We recommend trying them both and deciding which you like better. You should also be aware that Netscape costs $29.95 (you may find it for less at your local computer store) whereas Explorer is free. Both are exceptional products with their own advantages depending upon your system configuration and preferences.
Q: How can I create my own home page?
A: First, you don't have to be a computer programmer to create a home page, is relatively simple. You also don't need any special software. You can use your existing word processor or text editor.
To begin writing your own pages it is important to understand what makes Web pages unique: all WWW files are written in Hypertext Markup Language (HTML). This may sound elaborate, but it's not. HTML is just plain text which can be edited with any text/word processor like the Notepad in Microsoft Windows or SimpleText on the Macintosh or a word processor such as WordPerfect or Word. Microsoft (www.microsoft.com/msdownload) also has free software which you can use with any of the Microsoft Office products to create web pages quickly. Corel also has add-ins for their WordPerfect Suite at www.corel.com/products/wordperfect.
What makes HTML special is the use of tags, or codes, used to define how your text is presented. Don't get scared, HTML tags are nothing more than keywords enclosed in greater than/less than signs. These tags tell your web browser how to display the text and graphics on your screen.
A good place to look for information on writing your own Web pages is the Web itself. There are excellent free resources available including: A Beginner's Guide to HTML from NCSA (www.ncsa.uiuc.edu/General/Internet/WWW/HTMLPrimer.html) and Creating HTML -- A simple guide (www.netusa1.net/~jbornema/html.html). These are just a few of the free resources on the Web. If you do a search, you will find hundreds more! Of course there are also many books available at your favorite bookstore which can get you started on creating your own pages.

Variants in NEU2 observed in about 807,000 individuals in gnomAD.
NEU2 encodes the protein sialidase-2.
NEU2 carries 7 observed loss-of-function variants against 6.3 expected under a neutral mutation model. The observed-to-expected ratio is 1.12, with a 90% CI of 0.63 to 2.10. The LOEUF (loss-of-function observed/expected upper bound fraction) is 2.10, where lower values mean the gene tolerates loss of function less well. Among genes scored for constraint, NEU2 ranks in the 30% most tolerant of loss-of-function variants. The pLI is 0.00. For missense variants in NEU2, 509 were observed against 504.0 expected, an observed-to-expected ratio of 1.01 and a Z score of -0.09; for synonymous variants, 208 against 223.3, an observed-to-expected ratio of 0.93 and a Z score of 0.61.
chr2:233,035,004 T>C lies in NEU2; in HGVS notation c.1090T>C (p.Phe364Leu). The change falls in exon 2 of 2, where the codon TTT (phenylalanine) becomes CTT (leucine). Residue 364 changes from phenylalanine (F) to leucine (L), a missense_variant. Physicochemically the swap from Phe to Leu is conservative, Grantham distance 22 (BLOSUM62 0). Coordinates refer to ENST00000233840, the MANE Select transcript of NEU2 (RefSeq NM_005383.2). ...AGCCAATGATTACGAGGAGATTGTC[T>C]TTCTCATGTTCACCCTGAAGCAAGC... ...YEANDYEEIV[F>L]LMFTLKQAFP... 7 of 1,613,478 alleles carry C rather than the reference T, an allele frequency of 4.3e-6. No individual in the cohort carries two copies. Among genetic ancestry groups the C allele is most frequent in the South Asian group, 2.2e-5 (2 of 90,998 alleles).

Q: Is it really safe to purchase items over the Internet using my Credit Card?
A: This is another question that is highly debated. We believe it is as safe or safer than using your card over the telephone or in a store. The odds of someone getting your information over the Internet are vary small. Besides, once you notify your credit card agency that your card was lost or stolen you are only liable for a small amount of the misuse.
Q: Why don't the Bills or Sabres have Internet sites?
A: Good question. We asked the Sabres and they have announced that their web site will be online for Opening Night of the hockey season. We are working with them to create a site with lots of great statistics and information. We will certainly let you know their web address when their site is ready. Another exciting site will be the official NHL site (www.nhl.com) which is being redone by IBM and the league. The NHL promises an abundance of statistics and features relating to 'The Coolest Game on Ice'.
At this time the Bills have not committed to their own Internet site. Fortunately, there are many great sites already out there that are devoted to the NFL or the Bills. Some of them include: the official site of the NFL (nfl.com); ESPNet SportsZone (espnet.sportszone.com) with complete game coverage, feature articles and fan chat forums; SportsLine USA - NFL Stadium (www.sportsline.com) the official online service of National Football League Players; HyperBills (www.rochesterdandc.com/sports/bills96) from the Rochester Democrat & Chronicle; or the Usenet newsgroup alt.sports.football.pro.buffalo-bills. There are also numerous other sites created by fans across the country. Check out your favorite search engine for a listing of these.
Please keep us abreast of your Internet questions. We'll try to answer as many as we can and include others in our topical columns. You can reach us via email email@example.com , phone us, 1-888-903-EDGE, fax us, (716) 853-1350, or visit us in the Harbor Point Mall, http://harborpoint.com, and fill out our interactive feedback form.